Topic: Fans
How to Survive a Retrofit Fan Installation in a Tight Space Location
by Dan Jore |

Specifying and installing a [physically] large fan and its related housing in new construction frequently is quite easy. Exposed openings allow contractors to move it to the required location. However, that same installation to replace the existing equipment becomes far more difficult years after the building’s completion. Obstacles such as finished entrances, hallways, stairways, or doorways no longer allow free movement to the old fan and installation of the replacement.

Your Options from Radical to Easy

Several options exist to offset the challenge of fan installations with space restrictions. You could remove all the obstacles that prevent easy access. However, it is unlikely the building owner would approve the added construction cost, noise and delays it would cause.

Another option is using a fan that is physically smaller than the access limitations. Depending on the age of the model being replaced, it is possible that a newer compact version is available that still meets your performance requirements.

Fan units with bolted construction components are another option. These components have dimensions verified by the manufacturer, making it easy to know whether the size of the individual components allows for installation when access is limited. Major components of bolted construction are the scroll housing, inlet cone, wheel, and pedestal. (Figure 1)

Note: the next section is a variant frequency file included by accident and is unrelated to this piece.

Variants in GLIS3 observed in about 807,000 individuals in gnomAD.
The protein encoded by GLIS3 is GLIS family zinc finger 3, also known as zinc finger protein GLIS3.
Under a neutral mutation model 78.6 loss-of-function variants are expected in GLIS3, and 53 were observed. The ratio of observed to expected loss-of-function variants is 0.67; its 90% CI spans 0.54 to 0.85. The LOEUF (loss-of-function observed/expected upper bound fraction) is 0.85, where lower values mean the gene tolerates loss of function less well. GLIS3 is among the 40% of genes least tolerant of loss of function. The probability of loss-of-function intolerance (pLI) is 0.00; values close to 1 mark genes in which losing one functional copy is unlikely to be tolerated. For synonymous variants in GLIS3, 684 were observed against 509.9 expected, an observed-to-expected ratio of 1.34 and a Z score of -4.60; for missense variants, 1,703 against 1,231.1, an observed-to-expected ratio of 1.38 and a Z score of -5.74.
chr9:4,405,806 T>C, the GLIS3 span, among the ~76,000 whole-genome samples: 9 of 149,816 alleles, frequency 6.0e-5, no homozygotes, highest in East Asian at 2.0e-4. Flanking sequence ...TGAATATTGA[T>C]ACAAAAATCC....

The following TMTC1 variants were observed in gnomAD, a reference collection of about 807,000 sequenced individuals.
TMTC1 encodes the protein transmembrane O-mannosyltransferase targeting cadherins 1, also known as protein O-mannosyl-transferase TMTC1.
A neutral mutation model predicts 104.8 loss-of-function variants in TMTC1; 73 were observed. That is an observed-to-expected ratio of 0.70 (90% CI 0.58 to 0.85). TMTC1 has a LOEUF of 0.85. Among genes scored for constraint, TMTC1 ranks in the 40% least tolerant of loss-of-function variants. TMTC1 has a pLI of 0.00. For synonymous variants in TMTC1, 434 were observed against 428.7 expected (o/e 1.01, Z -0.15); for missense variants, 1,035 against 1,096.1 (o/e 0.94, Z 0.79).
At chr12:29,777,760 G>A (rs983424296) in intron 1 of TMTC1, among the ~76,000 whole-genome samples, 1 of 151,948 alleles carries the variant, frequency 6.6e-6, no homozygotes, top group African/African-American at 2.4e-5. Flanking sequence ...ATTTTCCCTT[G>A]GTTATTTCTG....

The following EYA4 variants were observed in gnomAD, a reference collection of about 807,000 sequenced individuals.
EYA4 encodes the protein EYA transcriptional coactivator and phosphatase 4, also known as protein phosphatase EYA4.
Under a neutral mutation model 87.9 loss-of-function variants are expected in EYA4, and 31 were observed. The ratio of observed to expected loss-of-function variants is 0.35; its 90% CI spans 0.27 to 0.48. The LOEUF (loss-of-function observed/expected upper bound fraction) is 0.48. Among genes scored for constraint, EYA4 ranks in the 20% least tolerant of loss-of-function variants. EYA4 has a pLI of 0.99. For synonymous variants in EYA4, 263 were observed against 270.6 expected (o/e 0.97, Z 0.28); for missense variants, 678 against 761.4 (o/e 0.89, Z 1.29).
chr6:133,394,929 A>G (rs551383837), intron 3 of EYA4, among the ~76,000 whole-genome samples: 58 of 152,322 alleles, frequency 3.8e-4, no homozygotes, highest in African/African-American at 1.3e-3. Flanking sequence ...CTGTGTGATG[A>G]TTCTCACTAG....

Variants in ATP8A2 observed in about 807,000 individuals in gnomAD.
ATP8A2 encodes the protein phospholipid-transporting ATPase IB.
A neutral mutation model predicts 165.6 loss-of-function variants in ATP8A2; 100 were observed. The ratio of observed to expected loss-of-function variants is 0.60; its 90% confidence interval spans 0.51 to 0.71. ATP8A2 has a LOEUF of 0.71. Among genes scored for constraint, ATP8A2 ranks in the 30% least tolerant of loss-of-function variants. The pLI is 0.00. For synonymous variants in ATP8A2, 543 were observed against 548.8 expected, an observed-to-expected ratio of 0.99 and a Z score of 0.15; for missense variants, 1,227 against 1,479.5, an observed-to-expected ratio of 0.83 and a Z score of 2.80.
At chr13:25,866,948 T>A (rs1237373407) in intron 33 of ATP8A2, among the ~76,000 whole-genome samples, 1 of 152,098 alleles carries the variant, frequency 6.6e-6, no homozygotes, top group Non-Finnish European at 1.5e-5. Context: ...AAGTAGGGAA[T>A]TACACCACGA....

USF-533_Arr-10_Plate Text
 Figure 1

Still, situations exist where a smaller size fan or bolted construction components will not work and a [physically] larger fan are required. Quite often, the fan’s scroll section is the largest part of the fan assembly and too large to maneuver through door or stairways. This is where a third option—split housing units—works very well. 
Split Housing Units

Split housing units have a design that allows for the disassembly (and reassembly) in the field—exactly for this type of situation. The scroll is constructed with a split, called a split housing. (Figure 2) Subsections of the scroll are factory cut with welded flanges for a bolt-together assembly. The additional flanged joints allow the unit to be broken down further into even smaller sections. This allows you to move the smaller parts into position through the restriction, and then reassemble it once it is past those access restrictions.
The following video shows the steps required to disassemble and reassemble a fan in the field for situations such as the one we described. (Note the model used is now a USF-500)
 Figure 2

Retrofit installations can cause problems, particularly when space limitations exist. Options are available. Learn more about the split housing fan option.


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Dan Jore
Dan Jore
Dan Jore
Dan Jore is an application engineer with Greenheck. He is experienced with all types of commercial and industrial fans and energy recovery products. He currently provides engineering and marketing support for laboratory and fume exhaust products as well as tubular inline fans.
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